better tomorrow with no more humiliation that can only drive them to the extreme. Let the children of both Israel and Palestine be brought up in conditions of security and safety with all the joys and innocence of being young.

This long-standing Israeli-Palestinian conflict must find an immediate, inclusive and comprehensive as well as durable solution. The recent US sponsored Security Council resolution on the Independent State of Palestine co-existing alongside Israel with secure borders is the step in the right direction. Let us all work for peace in the Middle East and no more killing that only hardens attitudes.

Let us also act expeditiously to rectify all Human Rights Instruments that will make ours a better world. Of importance is the need for this Commission to concretize and operationalise the Right to Development. Time for sterile debates, polemics and filibustering about the operationalization of the Right Development is over, now

is time for action.

Addressing the question of the Right to Development which is the inalienable right of people would help us to deal with poverty which is the breeding ground for conflict. Hopefully, the international community will deal with this important issue systematically in the now held Conference on Financing for Development as well as the forthcoming World Summit for Sustainable Development to be held in Johannesburg.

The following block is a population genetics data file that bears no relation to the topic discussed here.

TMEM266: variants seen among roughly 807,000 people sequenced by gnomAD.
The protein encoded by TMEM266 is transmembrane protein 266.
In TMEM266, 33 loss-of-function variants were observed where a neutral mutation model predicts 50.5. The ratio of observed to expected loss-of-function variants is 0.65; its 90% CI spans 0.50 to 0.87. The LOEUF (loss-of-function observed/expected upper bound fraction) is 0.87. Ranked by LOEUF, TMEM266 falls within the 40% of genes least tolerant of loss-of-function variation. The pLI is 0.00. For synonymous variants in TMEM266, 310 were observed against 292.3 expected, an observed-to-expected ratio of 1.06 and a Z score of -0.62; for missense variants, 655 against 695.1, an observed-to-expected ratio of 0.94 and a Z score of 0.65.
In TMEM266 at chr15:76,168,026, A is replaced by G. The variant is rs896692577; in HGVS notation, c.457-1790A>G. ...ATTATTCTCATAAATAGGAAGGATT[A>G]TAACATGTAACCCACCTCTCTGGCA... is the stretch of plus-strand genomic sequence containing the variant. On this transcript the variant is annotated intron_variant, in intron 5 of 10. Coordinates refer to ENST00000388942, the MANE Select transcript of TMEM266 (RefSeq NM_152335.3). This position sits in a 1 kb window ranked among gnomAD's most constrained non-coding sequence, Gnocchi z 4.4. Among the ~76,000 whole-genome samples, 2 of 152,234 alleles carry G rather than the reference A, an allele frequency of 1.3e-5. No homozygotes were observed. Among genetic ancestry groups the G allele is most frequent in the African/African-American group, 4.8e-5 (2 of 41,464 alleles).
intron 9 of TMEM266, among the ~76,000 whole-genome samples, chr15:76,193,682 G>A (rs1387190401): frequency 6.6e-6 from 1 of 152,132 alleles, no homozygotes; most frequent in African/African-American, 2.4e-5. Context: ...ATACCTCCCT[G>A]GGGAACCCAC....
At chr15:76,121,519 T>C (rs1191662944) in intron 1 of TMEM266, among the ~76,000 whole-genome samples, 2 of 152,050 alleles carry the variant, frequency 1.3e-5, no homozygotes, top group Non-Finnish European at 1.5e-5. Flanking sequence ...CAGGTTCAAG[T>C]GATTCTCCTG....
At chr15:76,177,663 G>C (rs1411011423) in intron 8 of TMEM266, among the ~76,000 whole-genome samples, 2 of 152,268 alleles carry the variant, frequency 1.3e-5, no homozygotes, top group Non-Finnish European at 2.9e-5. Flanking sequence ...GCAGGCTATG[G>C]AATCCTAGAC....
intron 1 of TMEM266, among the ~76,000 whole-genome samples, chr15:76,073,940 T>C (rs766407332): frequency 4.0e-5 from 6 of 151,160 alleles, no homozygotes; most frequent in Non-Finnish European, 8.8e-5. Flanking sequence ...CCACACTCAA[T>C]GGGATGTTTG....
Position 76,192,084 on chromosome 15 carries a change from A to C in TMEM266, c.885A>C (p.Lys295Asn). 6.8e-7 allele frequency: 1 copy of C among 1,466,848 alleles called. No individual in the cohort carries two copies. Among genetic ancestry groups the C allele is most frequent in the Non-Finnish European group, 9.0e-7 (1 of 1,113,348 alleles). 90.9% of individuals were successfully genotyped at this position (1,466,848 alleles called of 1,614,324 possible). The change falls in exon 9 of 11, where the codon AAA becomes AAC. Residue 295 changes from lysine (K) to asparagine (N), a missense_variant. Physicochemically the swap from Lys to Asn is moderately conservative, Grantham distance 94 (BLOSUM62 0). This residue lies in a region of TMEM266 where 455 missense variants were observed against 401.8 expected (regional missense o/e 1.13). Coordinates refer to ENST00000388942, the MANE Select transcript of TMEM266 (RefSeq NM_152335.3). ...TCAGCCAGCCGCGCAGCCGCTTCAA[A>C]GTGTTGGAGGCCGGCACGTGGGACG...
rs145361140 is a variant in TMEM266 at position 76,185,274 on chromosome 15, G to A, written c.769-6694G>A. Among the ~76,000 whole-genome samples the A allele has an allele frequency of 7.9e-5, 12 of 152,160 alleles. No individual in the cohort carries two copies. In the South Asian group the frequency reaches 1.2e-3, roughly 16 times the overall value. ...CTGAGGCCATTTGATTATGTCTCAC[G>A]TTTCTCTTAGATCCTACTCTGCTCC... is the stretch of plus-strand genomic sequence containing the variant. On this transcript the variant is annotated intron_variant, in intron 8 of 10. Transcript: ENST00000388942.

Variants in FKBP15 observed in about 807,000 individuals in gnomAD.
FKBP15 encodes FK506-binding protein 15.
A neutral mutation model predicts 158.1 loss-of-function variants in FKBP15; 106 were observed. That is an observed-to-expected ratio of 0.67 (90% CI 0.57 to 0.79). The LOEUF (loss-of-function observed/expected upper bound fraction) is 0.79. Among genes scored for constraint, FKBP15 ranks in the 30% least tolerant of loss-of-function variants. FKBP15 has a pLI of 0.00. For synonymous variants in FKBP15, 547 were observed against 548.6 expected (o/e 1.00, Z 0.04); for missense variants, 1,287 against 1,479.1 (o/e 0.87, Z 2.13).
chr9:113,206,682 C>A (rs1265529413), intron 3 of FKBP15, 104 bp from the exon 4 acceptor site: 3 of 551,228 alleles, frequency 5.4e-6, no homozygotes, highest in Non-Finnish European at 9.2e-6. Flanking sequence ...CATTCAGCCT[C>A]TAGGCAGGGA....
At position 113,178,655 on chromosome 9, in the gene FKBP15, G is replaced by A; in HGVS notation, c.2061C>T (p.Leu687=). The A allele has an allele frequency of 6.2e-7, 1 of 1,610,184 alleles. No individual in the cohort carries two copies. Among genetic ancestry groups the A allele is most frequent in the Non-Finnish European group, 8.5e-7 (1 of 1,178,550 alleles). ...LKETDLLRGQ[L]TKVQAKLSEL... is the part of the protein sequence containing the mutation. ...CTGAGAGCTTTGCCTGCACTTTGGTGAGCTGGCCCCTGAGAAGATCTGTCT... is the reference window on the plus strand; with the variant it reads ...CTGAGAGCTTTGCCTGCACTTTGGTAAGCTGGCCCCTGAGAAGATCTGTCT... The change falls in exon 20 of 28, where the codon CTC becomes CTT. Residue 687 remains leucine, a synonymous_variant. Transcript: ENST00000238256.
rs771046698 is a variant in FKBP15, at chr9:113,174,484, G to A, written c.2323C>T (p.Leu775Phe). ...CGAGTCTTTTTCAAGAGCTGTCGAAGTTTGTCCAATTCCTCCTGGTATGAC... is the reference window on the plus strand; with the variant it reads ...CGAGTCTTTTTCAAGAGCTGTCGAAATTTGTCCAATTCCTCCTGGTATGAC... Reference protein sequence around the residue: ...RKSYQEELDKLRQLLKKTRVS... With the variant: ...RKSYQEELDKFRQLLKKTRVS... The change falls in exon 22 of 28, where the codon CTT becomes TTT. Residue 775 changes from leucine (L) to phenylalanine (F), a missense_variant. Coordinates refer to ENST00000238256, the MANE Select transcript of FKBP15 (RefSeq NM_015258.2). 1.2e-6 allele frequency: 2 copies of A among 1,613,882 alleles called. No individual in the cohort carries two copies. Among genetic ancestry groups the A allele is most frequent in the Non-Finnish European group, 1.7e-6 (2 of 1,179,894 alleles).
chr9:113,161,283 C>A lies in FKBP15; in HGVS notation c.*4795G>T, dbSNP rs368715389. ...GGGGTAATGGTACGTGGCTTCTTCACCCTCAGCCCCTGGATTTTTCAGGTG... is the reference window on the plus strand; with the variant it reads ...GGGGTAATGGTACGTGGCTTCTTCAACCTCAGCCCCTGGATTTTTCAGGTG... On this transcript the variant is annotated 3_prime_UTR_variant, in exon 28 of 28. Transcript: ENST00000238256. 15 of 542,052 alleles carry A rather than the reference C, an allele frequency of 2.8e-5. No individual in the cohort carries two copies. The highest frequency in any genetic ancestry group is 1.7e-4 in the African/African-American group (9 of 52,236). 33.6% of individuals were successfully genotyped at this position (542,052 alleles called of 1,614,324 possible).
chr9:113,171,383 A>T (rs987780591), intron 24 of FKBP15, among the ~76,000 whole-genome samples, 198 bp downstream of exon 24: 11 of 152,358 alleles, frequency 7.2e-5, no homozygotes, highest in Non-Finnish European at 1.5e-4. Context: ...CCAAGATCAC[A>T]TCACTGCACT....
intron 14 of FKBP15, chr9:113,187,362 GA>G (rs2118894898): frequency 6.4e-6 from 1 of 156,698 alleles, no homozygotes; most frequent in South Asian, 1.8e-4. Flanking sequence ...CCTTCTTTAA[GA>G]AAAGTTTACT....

Distinguished Chairperson

Coming from the continent of Africa that has and continues to experience conflicts with its attendant ills such as displacement, refugee’s crisis and poverty, our leadership is acutely aware of the challenges it faces especially in relation to the promotion and

protection of human rights.

Concomitant with resolving conflicts, far-reaching decisions have been made in pursuit of the full realization and enjoyment of human rights. An important decision has been taken to transform the Organization of African Unity into the African Union, which will hold its inaugural session in South Africa in July this year. The African Union will deal comprehensively with political and economic integration of the continent. In this exercise, the question of respect for human rights will enjoy the pride of place.